Ice stalagmites in a cold cave - 15 degrees.
Geologic map of the Waterpocket Fold, Capitol Reef National Park
Deploying ocean bottom seismometers near the Mariana Islands for Prof. Wiens' research on plate subduction mechanisms.
Iconic laboratory equipment label
A garbenschiefer amphibolite, about 5" across

Earth and Planetary Sciences

Whether you're interested in studying the world beneath your feet, or worlds farther away, the Department of Earth & Planetary Sciences provides the tools for understanding the processes that shape our planet and other solar system bodies. Understanding the Earth system is also the key to addressing many environmental challenges, including climate change, water quality, and sources of energy. More...

Upcoming Events

Clumped Isotope and Radiocarbon Records of Deep-sea Corals from the Last Glacial Cycle
Rudolph Hall, Room 203 @ 4:15 pm
Full waveform adjoint seismic tomography of the Antarctic plate
Rudolph Hall, Room 203 @ 11:30 am
Exploring new tools and archives for paleoclimatology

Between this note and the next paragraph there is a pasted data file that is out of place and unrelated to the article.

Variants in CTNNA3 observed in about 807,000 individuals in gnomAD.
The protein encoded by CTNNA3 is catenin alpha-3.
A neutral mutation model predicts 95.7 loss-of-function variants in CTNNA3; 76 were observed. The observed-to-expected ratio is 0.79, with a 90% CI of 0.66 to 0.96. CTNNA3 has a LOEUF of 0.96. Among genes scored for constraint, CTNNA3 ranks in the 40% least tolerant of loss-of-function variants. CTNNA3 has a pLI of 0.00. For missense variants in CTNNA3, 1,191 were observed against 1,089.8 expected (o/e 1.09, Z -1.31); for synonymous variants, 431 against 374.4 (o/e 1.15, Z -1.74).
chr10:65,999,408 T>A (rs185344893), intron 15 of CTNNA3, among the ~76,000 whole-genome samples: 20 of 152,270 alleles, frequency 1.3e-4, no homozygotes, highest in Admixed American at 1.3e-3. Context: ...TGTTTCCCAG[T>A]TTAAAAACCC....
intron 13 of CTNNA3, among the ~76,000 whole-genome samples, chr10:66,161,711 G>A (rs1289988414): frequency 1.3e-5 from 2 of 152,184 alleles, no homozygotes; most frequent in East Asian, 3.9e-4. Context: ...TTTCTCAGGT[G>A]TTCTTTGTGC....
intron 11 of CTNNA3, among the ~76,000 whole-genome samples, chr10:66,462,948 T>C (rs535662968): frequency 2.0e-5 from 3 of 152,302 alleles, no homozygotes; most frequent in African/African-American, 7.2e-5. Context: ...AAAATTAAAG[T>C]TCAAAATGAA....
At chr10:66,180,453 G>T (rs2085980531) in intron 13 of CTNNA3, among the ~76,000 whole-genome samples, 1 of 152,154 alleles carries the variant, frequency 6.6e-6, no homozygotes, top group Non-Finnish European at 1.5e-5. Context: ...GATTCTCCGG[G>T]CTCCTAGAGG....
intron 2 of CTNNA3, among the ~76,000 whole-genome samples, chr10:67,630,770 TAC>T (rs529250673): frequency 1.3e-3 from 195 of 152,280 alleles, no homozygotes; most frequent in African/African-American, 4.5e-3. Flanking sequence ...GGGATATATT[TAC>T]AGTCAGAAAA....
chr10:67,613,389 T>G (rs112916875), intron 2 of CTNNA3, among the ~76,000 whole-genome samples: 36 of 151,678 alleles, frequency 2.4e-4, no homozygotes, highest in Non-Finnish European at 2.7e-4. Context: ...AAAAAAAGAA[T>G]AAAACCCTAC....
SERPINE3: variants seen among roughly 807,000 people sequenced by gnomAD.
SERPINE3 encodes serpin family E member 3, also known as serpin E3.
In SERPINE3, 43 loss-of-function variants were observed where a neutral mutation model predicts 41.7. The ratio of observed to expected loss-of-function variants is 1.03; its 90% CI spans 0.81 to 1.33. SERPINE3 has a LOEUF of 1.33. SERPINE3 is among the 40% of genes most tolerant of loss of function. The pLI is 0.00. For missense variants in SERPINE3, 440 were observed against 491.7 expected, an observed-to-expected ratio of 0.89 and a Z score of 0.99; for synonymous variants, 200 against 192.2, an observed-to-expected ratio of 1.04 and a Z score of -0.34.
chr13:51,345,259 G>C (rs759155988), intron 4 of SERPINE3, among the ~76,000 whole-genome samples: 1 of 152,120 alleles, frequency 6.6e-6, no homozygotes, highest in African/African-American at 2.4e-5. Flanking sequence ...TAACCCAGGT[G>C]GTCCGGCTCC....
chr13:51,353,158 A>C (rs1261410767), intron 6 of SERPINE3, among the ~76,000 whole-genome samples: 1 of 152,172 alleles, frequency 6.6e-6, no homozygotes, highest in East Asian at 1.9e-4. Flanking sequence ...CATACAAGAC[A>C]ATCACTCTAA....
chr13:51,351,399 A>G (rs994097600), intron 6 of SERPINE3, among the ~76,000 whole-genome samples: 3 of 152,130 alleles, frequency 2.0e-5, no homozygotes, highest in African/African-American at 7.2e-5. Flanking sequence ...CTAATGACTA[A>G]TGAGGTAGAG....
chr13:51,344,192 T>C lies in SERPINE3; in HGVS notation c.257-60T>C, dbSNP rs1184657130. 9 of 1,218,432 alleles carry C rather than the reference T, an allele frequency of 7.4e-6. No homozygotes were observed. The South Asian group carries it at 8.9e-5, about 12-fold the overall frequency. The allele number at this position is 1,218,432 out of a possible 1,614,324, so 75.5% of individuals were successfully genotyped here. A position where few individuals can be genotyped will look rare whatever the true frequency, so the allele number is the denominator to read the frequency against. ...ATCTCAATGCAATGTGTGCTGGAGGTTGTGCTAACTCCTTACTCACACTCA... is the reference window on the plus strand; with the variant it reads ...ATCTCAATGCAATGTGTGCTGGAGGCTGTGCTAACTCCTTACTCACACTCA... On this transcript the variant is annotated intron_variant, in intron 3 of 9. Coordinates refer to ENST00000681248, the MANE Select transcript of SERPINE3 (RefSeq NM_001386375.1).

Rudolph Hall, Room 203 @ 4:15 pm
Alternative transportation on campus
Rudolph Hall, Room 203 @ 12:00 pm
Reconstructing Ocean Chemistry over the Cenozoic from Well-preserved Fossil Corals
Rudolph Hall, Room 203 @ 4:15 pm

Photo of the Week

January 18, 2017: Hole in the ice.
Last week the photo-of-the-week guy received this photo from a fellow who said, "On January 02, 2017 I was taking my children ice skating near my house in Saint John, New Brunswick, Canada and stumbled along a large 30’ hole in the ice.  There were no tracks around the hole and it appears as if something from above struck the ice. The ice was approximately 10” thick. There were several small rocks laying on the surrounding ice which appears to be from the lake bottom as they has algae growing on them." It look like something big broke through the ice. But, short of a cold swim, there's no way I know to tell if was a meteorite or space junk. Wait 'til spring.
Photo credit: P. Watson
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